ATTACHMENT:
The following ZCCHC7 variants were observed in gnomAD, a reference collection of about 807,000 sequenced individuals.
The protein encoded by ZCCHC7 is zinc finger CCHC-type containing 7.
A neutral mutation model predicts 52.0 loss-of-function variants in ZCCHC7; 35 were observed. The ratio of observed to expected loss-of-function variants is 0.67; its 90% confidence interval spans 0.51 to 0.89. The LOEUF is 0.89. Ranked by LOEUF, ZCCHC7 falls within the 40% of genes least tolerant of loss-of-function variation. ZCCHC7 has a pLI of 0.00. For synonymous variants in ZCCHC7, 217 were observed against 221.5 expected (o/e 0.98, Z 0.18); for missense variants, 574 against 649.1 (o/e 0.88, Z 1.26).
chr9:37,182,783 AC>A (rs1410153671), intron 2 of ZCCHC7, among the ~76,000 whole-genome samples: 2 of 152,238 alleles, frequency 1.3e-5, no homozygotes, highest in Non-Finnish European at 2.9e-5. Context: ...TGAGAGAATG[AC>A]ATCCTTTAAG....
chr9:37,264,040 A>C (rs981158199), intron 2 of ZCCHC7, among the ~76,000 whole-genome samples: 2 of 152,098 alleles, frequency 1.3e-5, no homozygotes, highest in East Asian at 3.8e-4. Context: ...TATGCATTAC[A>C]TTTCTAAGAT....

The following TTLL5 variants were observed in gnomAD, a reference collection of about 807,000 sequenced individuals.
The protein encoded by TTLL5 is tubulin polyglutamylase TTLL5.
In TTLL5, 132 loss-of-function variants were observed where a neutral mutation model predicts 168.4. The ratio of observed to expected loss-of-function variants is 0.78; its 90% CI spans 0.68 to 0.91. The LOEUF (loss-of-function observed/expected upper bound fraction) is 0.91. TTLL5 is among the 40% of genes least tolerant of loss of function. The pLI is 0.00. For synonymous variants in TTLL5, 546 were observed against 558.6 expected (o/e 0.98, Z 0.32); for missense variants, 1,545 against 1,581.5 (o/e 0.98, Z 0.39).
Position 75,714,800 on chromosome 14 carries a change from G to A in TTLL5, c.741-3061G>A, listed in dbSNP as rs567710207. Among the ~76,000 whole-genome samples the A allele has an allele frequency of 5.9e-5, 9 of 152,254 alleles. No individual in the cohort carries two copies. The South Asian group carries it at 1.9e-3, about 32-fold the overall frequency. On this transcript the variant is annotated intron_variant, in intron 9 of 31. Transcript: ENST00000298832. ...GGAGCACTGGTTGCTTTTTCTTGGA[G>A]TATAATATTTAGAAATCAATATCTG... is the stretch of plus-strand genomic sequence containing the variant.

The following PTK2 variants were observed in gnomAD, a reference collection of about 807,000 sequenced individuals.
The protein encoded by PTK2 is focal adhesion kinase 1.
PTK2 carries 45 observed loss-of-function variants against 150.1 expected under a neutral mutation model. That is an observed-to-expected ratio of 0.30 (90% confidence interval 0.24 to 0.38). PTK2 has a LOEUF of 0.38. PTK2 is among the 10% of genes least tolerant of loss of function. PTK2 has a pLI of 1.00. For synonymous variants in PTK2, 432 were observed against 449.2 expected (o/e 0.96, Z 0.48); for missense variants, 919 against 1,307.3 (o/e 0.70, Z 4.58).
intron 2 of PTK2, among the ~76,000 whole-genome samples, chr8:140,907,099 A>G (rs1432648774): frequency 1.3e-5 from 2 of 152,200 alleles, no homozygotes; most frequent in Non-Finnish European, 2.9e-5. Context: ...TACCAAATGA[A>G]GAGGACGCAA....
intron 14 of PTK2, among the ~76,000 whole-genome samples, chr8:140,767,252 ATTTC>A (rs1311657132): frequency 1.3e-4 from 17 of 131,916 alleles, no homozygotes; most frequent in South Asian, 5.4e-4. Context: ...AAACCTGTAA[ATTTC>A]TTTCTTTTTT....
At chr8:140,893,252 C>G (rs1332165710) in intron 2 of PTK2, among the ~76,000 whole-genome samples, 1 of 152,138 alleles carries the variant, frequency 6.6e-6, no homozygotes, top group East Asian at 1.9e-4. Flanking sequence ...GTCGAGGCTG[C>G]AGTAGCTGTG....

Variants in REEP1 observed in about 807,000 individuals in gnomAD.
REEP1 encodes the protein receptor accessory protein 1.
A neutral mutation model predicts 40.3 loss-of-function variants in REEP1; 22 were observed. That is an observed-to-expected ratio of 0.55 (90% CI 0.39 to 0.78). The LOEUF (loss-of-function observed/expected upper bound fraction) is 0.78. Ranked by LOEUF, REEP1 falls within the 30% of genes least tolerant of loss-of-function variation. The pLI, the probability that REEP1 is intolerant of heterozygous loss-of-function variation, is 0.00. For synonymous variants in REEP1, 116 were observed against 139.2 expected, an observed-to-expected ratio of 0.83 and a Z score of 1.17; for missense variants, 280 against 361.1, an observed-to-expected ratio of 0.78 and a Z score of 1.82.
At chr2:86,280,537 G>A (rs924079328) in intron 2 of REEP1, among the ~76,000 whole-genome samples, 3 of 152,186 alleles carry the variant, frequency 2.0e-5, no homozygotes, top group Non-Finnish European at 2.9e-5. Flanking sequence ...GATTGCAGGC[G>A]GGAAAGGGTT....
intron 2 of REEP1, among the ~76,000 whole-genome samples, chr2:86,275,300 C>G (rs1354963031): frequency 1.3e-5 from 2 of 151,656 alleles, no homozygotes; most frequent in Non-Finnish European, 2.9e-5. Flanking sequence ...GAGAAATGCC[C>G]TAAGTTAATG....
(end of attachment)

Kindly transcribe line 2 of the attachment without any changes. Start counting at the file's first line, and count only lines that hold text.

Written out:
The protein encoded by ZCCHC7 is zinc finger CCHC-type containing 7.